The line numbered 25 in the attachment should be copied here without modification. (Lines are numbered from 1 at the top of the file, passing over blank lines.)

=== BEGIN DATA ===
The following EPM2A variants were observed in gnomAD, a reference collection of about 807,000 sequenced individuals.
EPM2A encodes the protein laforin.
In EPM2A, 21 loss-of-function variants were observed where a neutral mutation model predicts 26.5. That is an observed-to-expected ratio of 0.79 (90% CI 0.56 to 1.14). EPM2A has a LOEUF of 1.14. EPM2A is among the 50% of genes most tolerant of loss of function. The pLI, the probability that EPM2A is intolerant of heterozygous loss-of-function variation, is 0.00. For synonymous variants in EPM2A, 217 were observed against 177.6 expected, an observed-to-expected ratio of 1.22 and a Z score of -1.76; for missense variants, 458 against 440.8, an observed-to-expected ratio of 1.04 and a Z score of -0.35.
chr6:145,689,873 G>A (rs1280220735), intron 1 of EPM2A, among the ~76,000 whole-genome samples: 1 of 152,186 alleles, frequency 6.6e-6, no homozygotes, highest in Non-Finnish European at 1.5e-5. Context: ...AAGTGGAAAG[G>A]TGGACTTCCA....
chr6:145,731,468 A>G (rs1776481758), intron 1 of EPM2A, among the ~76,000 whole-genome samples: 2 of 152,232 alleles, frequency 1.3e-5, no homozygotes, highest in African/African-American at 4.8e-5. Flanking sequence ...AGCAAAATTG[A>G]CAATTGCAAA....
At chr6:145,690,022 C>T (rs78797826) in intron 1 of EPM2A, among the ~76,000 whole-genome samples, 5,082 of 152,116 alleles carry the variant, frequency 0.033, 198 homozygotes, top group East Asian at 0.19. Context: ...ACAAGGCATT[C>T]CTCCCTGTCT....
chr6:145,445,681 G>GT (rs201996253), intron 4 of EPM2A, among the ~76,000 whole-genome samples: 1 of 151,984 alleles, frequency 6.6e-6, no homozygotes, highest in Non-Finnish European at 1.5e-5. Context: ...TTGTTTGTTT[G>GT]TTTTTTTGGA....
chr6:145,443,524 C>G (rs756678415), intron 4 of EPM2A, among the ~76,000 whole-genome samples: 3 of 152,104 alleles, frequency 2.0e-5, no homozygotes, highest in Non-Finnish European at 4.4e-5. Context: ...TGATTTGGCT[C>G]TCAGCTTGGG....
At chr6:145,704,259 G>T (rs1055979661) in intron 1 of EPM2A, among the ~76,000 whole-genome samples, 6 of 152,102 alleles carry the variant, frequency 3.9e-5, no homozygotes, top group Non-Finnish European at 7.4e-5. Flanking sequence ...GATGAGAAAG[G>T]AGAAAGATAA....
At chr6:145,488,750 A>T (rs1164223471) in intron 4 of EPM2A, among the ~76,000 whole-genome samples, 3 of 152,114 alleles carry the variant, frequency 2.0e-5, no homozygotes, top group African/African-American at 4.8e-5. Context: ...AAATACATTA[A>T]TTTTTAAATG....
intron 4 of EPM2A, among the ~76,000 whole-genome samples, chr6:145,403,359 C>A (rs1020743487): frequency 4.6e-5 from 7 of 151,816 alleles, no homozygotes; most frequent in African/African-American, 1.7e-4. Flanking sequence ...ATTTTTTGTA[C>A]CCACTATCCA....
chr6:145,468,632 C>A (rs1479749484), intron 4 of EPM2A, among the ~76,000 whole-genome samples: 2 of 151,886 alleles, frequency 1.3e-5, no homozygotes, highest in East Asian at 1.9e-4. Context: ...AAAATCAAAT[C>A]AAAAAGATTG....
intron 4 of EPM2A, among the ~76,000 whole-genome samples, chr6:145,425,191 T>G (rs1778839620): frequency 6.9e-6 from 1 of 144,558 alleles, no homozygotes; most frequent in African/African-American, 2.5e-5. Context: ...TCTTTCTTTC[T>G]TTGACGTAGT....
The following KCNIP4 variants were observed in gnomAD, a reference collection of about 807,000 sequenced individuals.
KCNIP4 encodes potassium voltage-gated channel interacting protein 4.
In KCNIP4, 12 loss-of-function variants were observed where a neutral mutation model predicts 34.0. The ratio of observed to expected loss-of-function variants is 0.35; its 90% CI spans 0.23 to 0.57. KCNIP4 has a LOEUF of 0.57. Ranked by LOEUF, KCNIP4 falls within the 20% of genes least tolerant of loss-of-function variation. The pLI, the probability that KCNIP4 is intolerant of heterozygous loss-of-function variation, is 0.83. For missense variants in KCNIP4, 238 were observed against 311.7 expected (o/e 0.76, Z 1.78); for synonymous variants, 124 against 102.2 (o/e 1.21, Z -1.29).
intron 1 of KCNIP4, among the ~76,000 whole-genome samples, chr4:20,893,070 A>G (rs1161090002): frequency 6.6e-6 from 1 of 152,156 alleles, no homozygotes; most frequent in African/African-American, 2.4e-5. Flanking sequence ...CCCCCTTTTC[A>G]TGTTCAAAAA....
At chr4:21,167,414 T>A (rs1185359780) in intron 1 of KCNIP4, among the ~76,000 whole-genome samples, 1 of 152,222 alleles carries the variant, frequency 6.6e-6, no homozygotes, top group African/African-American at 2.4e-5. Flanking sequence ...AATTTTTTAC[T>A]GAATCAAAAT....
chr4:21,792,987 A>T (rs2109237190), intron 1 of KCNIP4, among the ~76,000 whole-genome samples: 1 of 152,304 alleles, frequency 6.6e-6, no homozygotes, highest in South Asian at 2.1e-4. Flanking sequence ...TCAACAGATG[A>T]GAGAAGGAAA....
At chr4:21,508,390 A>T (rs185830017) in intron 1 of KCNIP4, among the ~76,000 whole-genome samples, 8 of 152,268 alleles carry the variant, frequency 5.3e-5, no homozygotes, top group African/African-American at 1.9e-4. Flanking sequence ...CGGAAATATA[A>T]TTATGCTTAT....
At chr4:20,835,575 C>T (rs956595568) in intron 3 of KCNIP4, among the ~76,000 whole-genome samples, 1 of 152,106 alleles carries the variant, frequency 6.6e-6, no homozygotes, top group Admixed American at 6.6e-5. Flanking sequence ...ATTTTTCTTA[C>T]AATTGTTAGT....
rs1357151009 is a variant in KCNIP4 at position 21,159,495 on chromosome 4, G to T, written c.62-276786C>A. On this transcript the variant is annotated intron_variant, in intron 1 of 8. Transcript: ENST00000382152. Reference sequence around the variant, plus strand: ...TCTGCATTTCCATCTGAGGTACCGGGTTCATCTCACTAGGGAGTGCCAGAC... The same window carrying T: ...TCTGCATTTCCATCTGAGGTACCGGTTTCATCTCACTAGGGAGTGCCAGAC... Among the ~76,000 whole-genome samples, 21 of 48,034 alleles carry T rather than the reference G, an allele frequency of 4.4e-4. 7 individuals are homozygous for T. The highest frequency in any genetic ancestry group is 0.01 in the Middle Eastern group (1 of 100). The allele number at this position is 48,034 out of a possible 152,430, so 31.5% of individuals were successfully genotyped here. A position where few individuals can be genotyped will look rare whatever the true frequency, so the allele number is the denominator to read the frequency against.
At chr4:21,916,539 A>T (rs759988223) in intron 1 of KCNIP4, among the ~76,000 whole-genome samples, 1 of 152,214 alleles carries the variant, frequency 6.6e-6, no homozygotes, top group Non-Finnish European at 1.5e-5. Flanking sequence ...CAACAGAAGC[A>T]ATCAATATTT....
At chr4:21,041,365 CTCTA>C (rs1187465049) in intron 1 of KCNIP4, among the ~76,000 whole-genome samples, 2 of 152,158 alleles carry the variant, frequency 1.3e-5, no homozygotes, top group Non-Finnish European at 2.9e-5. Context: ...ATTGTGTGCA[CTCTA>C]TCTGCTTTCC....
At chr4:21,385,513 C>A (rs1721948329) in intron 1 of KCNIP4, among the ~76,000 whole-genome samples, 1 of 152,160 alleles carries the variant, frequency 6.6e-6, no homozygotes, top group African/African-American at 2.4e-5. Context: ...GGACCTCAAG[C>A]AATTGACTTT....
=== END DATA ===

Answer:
At chr4:21,385,513 C>A (rs1721948329) in intron 1 of KCNIP4, among the ~76,000 whole-genome samples, 1 of 152,160 alleles carries the variant, frequency 6.6e-6, no homozygotes, top group African/African-American at 2.4e-5. Context: ...GGACCTCAAG[C>A]AATTGACTTT....